#147 Shanghai Architecture Series: Elly Kadoorie's Marble Hall

This article is adapted from the bi-weekly series in Magazeta.

Address: 54 West Yan’an Road // 中国福利会少年宫:延安西路54号

Eleazer Silas ("Elly") Kadoorie (1867–1944), of the Iraqi Jewish heritage, came to Shanghai as a teenager in 1880 to work as an assistant at the Sassoon company. Eventually, he branched out on his own, operating in Shanghai and Hong Kong. His business empire – rubber plantations, hospitality, commercial banking, real estate – put Kadoorie's name into "the big four," alongside Sassoon, Hardoon and Ezra.

In 1918, Elly Kadoorie initiated the construction of a designated building for the Jewish Club, designed by the Spanish architect Abelardo Lafuente and his partner Gerald Owen Wootten. Sitting on the 20-mu piece of land, the club was "nothing ornate of luxurious," but had "good, substantial and artistic furnishings" to meet the needs of the members. The grounds provided ample space for tennis and croquet, accounting also for the interests of the "the members who prefer quiet walks and beautiful flowers." The building had "a large auditorium 80 ft by 50 ft, library, billiard and card rooms," and all other conveniences of a well-equipped country club. In anticipation of the future expansion, the foundations and the supporting walls were made exceptionally strong – "so that the addition of one of two more storeys can be made without the reconstruction of the building" – which proved to be instrumental in the building's subsequent modification.

The original Jewish Club, built in 1918

Soon after the Jewish Club's opening, however, misfortunes began. In February 1919, a fire ravaged Kadoorie's residence, located in the same neighborhood, on Bubbling Well Road, and the fire took the life of his wife Laura (said to the first woman in Shanghai to drive an automobile). In May next year, a fire broke out in the Jewish Club – "incediarism suspected" – and it partially destroyed the top floor in the east wing and the roof. After this, Elly Kadoorie and his sons Horace and Lawrence went to London, leaving the reconstruction of the Jewish Club in the hands of the family friend, the architect A. W. Graham-Brown.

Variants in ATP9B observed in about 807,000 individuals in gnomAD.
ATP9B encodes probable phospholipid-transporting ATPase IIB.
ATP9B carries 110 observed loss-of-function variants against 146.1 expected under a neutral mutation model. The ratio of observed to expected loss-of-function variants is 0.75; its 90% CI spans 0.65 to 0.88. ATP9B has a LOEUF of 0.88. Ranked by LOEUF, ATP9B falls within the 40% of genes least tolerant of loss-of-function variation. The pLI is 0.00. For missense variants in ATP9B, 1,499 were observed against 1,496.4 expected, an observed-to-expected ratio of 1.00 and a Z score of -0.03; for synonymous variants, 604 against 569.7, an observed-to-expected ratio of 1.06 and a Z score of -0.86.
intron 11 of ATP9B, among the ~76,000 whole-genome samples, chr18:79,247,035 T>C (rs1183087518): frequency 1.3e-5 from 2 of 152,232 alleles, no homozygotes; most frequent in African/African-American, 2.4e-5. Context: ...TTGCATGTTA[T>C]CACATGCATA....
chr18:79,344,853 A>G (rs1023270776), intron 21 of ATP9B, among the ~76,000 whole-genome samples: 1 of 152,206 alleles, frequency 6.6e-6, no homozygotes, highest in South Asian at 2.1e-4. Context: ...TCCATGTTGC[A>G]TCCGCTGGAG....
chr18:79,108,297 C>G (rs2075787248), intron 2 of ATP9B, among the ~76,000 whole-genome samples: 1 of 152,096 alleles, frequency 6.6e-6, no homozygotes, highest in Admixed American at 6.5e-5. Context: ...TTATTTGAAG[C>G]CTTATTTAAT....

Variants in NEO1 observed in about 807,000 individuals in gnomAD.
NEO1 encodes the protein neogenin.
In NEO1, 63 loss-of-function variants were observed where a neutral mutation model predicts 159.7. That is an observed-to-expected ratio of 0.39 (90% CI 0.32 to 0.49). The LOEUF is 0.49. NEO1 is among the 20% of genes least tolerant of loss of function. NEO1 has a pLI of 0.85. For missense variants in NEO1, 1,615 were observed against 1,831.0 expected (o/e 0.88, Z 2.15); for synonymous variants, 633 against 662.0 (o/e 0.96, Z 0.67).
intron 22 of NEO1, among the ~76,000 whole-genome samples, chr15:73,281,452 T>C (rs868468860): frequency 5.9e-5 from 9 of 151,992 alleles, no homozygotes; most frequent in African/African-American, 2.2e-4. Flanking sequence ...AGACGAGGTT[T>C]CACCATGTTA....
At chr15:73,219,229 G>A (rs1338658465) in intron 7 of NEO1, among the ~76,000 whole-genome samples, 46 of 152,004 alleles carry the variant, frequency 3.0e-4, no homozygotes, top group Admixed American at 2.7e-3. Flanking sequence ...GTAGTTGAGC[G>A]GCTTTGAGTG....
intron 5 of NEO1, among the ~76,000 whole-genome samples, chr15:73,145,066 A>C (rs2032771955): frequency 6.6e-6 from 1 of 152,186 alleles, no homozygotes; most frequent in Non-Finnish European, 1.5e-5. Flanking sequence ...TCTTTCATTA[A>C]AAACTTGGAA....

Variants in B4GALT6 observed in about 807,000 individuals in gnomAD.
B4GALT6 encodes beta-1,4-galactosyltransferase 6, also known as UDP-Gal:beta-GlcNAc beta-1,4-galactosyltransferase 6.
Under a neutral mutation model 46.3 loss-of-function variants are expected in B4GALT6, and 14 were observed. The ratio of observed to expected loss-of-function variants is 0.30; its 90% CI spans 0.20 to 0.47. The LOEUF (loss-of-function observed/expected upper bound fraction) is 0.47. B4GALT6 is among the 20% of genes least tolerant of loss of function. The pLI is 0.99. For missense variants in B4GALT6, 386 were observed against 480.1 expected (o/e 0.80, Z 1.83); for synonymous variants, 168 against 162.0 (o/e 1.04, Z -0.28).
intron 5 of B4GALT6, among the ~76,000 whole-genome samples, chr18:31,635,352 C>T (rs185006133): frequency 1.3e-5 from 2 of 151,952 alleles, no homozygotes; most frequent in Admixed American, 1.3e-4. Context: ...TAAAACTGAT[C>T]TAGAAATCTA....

Graham-Brown, a stepson of the English actress Marie Tempest, was partners with George Christopher Wingrove, who had completed the Shanghai Club after the death of its original architect H. Tarrant and who later built an extra wing for the Hotel Plaza. The Jewish Club assignment, however, ruined their partnership, and Graham-Brown later worked on his own, completing the beautiful Brunner and Mond building, on Szechuen Road, in 1923. According to Lawrence Kadoorie's recollections, quoted by Nigel Cameron (1982), Harriet Sergeant (1991) and others, Graham-Brown was a heavy drinker. During the reconstruction of the Jewish Club he gave full reign to his cinematic visions, sending puzzling telegrams to Europe – such as "Want to raise ballroom roof fifteen feet" – when no ballroom had even been planned.

"Exasperated, Elly Kadoorie sent final and, in the circumstances, possibly unwise instructions: 'Do only what is absolutely necessary.' After three years, the Kadoorie family returned to Shanghai. They found enraged contractors, the architect an alcoholic in hospital with DT's, and a ballroom 65 feet high, 80 feet long and 50 feet wide, lit by 3,600 different-colored electric light bulbs. With one flick the Kadoories could turn their ballroom from pink to blue to red or have the whole lot on at once."

Elly Kadoorie deemed the resulting mansion too grand for the needs of the Jewish community, so he made it his residence. It was unveiled in March 1924, when local journalists and the public were invited to inspect it. "It has been built on a lavish scale, yet at the same time it is not ostentatious. There is marble everywhere [...] but without a suggestion of vulgarity. The work has been executed with wonderful good taste, giving a most pleasing effect where it would have been so easy to overdo it." The Kadoorie residence was immediately nicknamed Marble Hall, for the 150 tons of Italian marble used in the creation of the monumental sculptures and decorative cladding by G. Finocchiaro.

"At the entrance are the handsome iron gates with heavy brass balusters and brass enrichments in the architraves. Passing by the main east entrance to the lawns one has a magnificent view of the 300-feet frontage. Raised several feet above the lawns, the building in is a striking example of the free Renaissance style with a suggestion of the Italian influence. It has a wide stone terrace further beautified by handsome bronze lamps, whilst sculptured sets are on their way for erection there, and then the fine glass enclosed interesting electric fittings in the form of shallow bowls of leaded glass, elaborate chains and rams' heads ornamentation, designed and executed by Arts & Crafts."

In the center of the mansion was its main attraction – the grand ballroom – "appealing more to the most people in this dancing city." Executed in the Italian renaissance-style, its vaulted ceiling was richly covered with plaster work by Arts & Crafts. The ballroom was comparable in volume to the Carlton Café, the largest event venue in town, which had recently re-opened. "On the north side is a marble-framed stage large enough for concerts and dramatic entertainments, with fine acoustic properties and some truly wonderful lighting effects installed by Andersen, Meyer & Co.